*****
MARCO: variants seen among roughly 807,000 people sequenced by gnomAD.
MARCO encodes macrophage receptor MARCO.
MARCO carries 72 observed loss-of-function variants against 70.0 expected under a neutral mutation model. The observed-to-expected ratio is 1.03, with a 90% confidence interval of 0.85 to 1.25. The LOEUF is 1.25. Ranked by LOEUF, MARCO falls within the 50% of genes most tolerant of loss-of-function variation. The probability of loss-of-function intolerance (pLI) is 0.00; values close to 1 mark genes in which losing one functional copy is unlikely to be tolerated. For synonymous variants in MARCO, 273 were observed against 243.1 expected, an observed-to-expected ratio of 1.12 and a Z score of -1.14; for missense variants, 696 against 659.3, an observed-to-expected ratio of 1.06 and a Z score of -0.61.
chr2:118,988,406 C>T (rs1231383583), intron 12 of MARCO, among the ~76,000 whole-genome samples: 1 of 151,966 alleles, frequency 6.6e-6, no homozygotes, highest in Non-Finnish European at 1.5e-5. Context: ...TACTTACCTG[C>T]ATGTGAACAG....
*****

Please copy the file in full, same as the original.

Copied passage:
MARCO: variants seen among roughly 807,000 people sequenced by gnomAD.
MARCO encodes macrophage receptor MARCO.
MARCO carries 72 observed loss-of-function variants against 70.0 expected under a neutral mutation model. The observed-to-expected ratio is 1.03, with a 90% confidence interval of 0.85 to 1.25. The LOEUF is 1.25. Ranked by LOEUF, MARCO falls within the 50% of genes most tolerant of loss-of-function variation. The probability of loss-of-function intolerance (pLI) is 0.00; values close to 1 mark genes in which losing one functional copy is unlikely to be tolerated. For synonymous variants in MARCO, 273 were observed against 243.1 expected, an observed-to-expected ratio of 1.12 and a Z score of -1.14; for missense variants, 696 against 659.3, an observed-to-expected ratio of 1.06 and a Z score of -0.61.
chr2:118,988,406 C>T (rs1231383583), intron 12 of MARCO, among the ~76,000 whole-genome samples: 1 of 151,966 alleles, frequency 6.6e-6, no homozygotes, highest in Non-Finnish European at 1.5e-5. Context: ...TACTTACCTG[C>T]ATGTGAACAG....